7. I can’t imagine anything worse than someone having a child strictly because they feel societal pressure to do so. Everyone suffers in that situation.

    Kudos to you for sticking to your guns. If you’re enjoying your life just as it is, why would you change it?

  8. I wish more people would make this decision. Right now I know 6 teen girls that are having baby’s, and none of them are going to make good mothers. They are party freaks, and they are all talking about how after the baby is out, the first thing they are going to do is go out drinking, or do acid, or something crazy like that. I personally want children, along with my soon to be husband. We talked about it for a long time and we both agree that we will make good parents. If ether of us had a doubt in our mind about not being the right people for kids, we would not want to have them. People need to realize that not having kids is perfectly okay…and some times a better choice.

  9. The best thing about this is that there are so many options open to you. You can choose to keep your family as it is- you and your husband, happy together. Or, if at some point you decide you’d like to have the presence of children in your home, you could always become a foster parent. The foster care system is suffering, and lots of kids need places to live, sometimes just for a short time. Maybe an older child would suit your lifestyle more. And maybe not, but the point is that you don’t have to be “traditional” as long as you do what makes you happy.

  10. Thank you for saying this! It’s exactly what I have been thinking my entire life. A lot of my friends are getting married and having babies and I feel like I always have to defend my choice to not do those things. I am lucky to have found a guy that shares the same sentiment as me, whether it’s selfish or not. And yes- thank god for the IUD!

  11. … I think you’re my soul mate… But, seriously, the older i get, the more and more I don’t want a kid of my own — I want to hold babies, and cuddle them, but not be responsible for them. But, I want a dog. Go figure.

  12. Dear alterego nd lotsowritin25 – Frankly, if you Do have kids, you’re missing out. Either way you are missing out on something, but I’d trade having my traveling, career, living in the city, my boyfriend, and friends for not having children any day.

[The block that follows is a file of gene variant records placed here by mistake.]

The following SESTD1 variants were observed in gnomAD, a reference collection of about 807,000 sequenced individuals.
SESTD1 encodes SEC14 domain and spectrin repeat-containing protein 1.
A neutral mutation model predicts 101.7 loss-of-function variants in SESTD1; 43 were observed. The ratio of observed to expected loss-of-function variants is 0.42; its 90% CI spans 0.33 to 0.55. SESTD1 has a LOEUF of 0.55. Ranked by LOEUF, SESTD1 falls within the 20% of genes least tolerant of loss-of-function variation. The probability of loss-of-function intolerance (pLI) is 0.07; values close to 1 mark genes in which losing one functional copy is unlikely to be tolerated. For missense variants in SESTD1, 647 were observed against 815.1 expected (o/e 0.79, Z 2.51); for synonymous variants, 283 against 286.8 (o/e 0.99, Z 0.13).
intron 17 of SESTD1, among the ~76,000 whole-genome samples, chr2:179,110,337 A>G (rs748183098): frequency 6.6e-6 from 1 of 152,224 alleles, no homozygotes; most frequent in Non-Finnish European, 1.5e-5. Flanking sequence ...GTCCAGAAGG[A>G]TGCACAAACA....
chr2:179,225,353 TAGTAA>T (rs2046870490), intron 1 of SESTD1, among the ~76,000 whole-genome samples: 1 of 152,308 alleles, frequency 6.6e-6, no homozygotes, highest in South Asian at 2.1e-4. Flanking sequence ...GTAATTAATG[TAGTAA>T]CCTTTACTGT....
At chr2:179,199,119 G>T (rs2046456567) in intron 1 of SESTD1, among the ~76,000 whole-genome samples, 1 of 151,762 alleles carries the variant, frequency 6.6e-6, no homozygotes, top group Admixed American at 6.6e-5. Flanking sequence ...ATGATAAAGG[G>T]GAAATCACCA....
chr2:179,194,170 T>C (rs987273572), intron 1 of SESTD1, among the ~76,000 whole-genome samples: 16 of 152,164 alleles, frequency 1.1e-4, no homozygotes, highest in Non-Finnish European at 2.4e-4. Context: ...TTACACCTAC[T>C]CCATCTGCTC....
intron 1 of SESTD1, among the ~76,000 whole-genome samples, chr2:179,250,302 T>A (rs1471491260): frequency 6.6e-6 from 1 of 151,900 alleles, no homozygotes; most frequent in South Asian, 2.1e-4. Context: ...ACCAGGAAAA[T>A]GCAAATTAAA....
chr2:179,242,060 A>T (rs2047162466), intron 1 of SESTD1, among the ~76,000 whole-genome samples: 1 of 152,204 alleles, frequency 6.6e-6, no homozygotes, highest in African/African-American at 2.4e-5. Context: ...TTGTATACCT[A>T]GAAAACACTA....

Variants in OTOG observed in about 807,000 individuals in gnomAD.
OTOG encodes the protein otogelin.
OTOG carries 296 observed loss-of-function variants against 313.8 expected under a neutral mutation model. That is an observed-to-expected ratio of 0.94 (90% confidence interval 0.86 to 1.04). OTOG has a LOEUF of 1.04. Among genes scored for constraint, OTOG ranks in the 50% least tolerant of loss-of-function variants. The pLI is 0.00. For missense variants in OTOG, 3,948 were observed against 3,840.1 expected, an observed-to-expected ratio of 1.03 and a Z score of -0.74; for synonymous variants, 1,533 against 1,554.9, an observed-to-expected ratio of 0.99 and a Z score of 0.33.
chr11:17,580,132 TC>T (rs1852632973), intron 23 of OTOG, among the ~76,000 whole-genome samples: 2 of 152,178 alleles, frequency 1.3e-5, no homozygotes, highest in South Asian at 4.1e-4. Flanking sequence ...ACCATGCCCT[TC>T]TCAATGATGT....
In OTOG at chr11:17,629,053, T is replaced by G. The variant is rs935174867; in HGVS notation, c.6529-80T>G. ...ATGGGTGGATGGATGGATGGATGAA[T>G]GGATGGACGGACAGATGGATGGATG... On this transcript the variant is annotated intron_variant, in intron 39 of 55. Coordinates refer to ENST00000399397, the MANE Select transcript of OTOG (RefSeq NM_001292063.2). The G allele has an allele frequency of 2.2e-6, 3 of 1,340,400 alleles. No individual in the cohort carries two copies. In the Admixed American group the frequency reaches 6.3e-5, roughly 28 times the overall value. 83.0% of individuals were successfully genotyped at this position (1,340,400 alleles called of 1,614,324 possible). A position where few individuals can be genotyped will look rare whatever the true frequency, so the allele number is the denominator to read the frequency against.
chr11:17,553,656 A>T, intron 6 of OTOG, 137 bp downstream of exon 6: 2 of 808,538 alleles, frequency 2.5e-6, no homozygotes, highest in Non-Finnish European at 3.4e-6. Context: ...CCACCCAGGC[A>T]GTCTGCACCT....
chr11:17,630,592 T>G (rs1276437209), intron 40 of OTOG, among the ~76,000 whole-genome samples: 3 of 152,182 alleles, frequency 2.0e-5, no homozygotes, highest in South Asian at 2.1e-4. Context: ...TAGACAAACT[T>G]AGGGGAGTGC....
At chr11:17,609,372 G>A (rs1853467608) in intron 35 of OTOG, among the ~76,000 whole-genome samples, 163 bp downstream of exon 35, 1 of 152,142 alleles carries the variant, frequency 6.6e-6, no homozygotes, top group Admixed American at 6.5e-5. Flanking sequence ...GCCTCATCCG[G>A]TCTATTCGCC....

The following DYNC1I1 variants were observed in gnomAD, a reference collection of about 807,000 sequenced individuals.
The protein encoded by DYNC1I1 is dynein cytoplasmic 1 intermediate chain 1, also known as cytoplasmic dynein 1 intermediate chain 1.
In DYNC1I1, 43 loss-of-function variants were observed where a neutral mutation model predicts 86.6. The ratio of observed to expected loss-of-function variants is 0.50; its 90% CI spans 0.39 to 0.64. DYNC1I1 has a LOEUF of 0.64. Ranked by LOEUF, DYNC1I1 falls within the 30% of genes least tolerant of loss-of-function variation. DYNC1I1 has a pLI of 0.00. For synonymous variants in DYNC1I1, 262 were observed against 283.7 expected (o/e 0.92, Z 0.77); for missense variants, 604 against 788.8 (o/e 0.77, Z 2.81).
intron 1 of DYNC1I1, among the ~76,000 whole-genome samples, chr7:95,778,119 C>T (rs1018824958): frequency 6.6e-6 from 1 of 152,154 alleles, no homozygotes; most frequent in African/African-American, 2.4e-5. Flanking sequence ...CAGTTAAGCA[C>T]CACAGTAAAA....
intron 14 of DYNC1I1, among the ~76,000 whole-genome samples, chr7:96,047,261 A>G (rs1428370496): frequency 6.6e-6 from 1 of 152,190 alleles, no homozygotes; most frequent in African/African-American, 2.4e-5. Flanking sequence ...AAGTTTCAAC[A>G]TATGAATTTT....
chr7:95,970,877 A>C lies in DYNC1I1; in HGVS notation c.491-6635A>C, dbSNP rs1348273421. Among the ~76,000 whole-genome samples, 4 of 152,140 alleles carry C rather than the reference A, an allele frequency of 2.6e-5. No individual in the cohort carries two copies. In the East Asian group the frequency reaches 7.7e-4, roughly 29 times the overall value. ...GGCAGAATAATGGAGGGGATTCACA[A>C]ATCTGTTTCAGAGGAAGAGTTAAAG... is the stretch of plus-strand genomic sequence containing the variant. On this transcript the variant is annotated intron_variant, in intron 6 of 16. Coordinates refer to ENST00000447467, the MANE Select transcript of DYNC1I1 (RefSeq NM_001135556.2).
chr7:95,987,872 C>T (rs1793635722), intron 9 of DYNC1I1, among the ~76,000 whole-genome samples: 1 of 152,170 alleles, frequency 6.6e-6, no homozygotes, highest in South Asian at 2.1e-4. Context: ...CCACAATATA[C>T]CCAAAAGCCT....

13. So glad to hear i’m not alone! I personally don’t want kids… but my in laws are really pushing me. They keep saying they “deserve” grandkids because of what they went through with their kids. I feel like its really unfair of them to expect this of me. I should be able to make this decision for myself in my opinion. When I look at mothers I don’t see myself being happy in that role… My parents didn’t want kids but they ended up with us anyways, I ended up growing up with very neglectful parents and lots of babysitters. I don’t want to have a child just because its the “thing” to do.

  14. We’re child-free, too! I still haven’t quite figured out to say to those who say “When are you having kids… you’re getting kinda old” (and I am, I’m 39 and have always known that I didn’t want to have kids. There’s nothing selfish about being responsible. I heard my husband tell an inquirer “Nope, I don’t want to grow up, thanks”. (At least he’s honest…lol)

  15. I did all the travelling, professional development and time-to-myself in my 20’s…give me a messy house and sticky fingers wrapped around my neck any day…you’re kidding yourself if you think that travelling and movies are going to make for a sense of fulfillment when you look back on life.

  16. I have always known that I don’t want children, ever since I understood that it is optional, which was at a quite early age as of my 3 aunties and 2 uncles none have children, so naturally I wanted to know if I’d ever have cousins. I have never had to justify it my choice much, and I have only once met someone who simply could not wrap her mind around the idea that someone would CHOOSE not to have children. That is why it amazes me how it seems that in USA it is so expected of you that it clearly distresses women there. (I’m from Finland and live in Australia.) Sure, I’ve heard my share of “you’ll change your mind”s but they stopped when I turned 20 or so… (I’m now 33, happily married to the Right Guy.)